Inaugural community bike summit held at Mason

(Photo courtesy of Frank Muraca)
(Photo courtesy of Frank Muraca)

Bicyclists and transportation professionals held an inaugural summit at George Mason University to discuss ongoing projects and issues relating to bicycling in Fairfax County.

The Fairfax Bike Summit, sponsored by Fairfax Advocates for Better Bicycling, Mason, and Fairfax County, was held in the Hub on Oct. 27.

Attendees received presentations on progress of different bicycling projects across the county, including improvements to bike path connectivity in Tysons, the county’s plan to improve bicycling infrastructure, and ways to get involved in the bicycling community. They also heard presentations on how other communities are changing their communities to be more bicycle-friendly and what Fairfax can learn from them.

Bruce Wright, chairman of FABB, said he was impressed by what Mason has done to promote bicycling on campus, citing the new Patriot Bikeshare and the plans for a Mason-to-Metro bike path.

“Mason is doing lots of good things for cyclists,” said Wright.

Tyler Orton, bicycle program manager for the Office of Sustainability at Mason, said that the university has been actively working to make bicycling easier on campus.

According to Orton, Mason has nearly reached maximum capacity for bike rack space, and will be adding many more in the near future. Additionally, the university now requires new construction to consider bicyclists when planning construction.

“Any new construction has to accommodate all forms of transportation,” said Orton.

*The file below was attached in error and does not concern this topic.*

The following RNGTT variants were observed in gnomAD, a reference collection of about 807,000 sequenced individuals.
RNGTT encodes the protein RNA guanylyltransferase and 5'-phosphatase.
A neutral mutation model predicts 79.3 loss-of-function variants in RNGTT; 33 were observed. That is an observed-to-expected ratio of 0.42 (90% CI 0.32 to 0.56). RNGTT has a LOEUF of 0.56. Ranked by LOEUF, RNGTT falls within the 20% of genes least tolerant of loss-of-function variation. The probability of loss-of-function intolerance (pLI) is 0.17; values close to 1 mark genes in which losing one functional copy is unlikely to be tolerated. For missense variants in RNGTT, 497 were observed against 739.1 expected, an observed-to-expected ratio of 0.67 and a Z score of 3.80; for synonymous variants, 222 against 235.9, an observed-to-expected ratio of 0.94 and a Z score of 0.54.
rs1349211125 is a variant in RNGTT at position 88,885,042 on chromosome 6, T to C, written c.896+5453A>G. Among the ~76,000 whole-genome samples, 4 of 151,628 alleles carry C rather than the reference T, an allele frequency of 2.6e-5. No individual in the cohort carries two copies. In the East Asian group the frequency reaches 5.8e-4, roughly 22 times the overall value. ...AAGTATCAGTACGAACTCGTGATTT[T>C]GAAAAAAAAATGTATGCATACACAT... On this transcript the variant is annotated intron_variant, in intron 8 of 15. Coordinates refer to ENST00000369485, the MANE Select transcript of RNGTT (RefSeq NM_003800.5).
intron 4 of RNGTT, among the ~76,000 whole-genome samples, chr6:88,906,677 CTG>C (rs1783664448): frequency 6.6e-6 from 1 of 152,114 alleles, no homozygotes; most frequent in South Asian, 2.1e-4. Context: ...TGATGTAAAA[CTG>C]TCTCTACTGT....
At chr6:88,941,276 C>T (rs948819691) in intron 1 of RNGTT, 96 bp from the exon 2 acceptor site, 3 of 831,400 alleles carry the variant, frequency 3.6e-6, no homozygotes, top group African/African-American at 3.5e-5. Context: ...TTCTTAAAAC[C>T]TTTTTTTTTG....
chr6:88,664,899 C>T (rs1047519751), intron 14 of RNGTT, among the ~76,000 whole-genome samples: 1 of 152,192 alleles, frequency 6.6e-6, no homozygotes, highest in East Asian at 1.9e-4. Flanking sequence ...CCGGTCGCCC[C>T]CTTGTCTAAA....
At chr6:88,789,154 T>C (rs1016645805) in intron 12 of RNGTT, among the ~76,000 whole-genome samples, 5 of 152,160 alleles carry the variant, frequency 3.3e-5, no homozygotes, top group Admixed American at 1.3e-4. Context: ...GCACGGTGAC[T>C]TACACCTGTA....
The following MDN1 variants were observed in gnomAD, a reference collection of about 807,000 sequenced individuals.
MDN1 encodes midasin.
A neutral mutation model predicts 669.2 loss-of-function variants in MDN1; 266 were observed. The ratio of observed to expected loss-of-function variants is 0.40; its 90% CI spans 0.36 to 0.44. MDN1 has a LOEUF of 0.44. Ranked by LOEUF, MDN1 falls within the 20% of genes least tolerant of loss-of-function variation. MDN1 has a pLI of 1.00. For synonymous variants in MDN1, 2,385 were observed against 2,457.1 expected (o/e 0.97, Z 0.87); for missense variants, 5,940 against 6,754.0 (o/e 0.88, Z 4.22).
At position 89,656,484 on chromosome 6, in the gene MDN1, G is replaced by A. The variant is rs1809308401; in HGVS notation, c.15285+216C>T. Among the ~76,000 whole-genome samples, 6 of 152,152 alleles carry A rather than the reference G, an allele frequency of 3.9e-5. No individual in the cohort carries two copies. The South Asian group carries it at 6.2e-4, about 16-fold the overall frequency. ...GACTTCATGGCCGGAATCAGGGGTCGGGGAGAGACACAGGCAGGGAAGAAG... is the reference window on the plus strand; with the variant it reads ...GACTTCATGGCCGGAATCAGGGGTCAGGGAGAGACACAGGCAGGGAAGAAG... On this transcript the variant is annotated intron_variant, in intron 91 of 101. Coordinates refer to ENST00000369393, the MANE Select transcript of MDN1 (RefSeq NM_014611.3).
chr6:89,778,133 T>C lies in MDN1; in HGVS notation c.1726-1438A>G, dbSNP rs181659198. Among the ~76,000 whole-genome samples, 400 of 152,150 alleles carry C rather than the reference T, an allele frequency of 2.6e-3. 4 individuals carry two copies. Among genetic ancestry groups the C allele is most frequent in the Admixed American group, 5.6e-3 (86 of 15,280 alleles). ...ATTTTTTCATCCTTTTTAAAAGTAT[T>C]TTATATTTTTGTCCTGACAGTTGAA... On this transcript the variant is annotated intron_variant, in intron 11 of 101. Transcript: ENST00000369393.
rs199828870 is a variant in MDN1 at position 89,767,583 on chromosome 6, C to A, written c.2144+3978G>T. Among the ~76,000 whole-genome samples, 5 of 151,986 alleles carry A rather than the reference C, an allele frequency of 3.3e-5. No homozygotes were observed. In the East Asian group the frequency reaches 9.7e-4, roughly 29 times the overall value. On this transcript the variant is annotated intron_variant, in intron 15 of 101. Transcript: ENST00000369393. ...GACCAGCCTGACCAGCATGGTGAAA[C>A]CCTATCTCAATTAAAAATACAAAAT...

Apart from progress at Mason, one of the key goals of the summit was to promote the Fairfax County Bicycling Master Plan, which was first approved to be created in 2005.  

“The purpose of this plan is to establish a system of on and off roads that will serve as a bicycle transportation network in Fairfax County,” read a summary of the master plan. “Included in that network will be a wide range of specific improvements that are needed to accommodate and encourage bicycling within and between the County’s.”

“We’re pretty behind the curve in terms of where we need to be in bicycling,” said Tom Biesiadny, director of the Fairfax County Department of Transportation. “We’re a big county. Improvements are incremental.”

Biesdiadny presented a draft of the county’s master plan at the summit.

“We are trying to meet the needs of cyclists today, but also addressing bicyclists in the future,” Biesiadny said. One example of this is an agreement between the Virginia Department of Transportation and Fairfax County, to look at ways to install designated bike lanes when VDOT repaves roads.

Biesiadny said this was a significant step in improving bicycle connectivity in the county.

“[VDOT] used the same standards in Fairfax County that they used in places like Wise County and Culpepper County,” Biesiadny said.

Biesdiadny pointed out some key differences between Fairfax and other counties in Virginia, such as population changes and different urban characteristics. 

“We can’t use the same one-size-fits all standard,” Biesiadny said.  

Wright believes that the master plan is a step in the right direction when it comes to improving safety and ease of bicycling in the county.

“Our biggest problem is our big roads and a lack of connectivity,” Wright said.

Wright said that there is more to cycling advocacy than simply pushing for more bike racks and paths.

“It’s really a mindset change rather than more infrastructure,” said Wright, emphasizing the need for more education and promotion of cycling as an alternative to automobile transportation.

The first phase of the plan, which focuses on improving bicycling systems in Tysons, was completed in May 2011. Phase II of the plan, which will focus on the rest of the county, is now underway.

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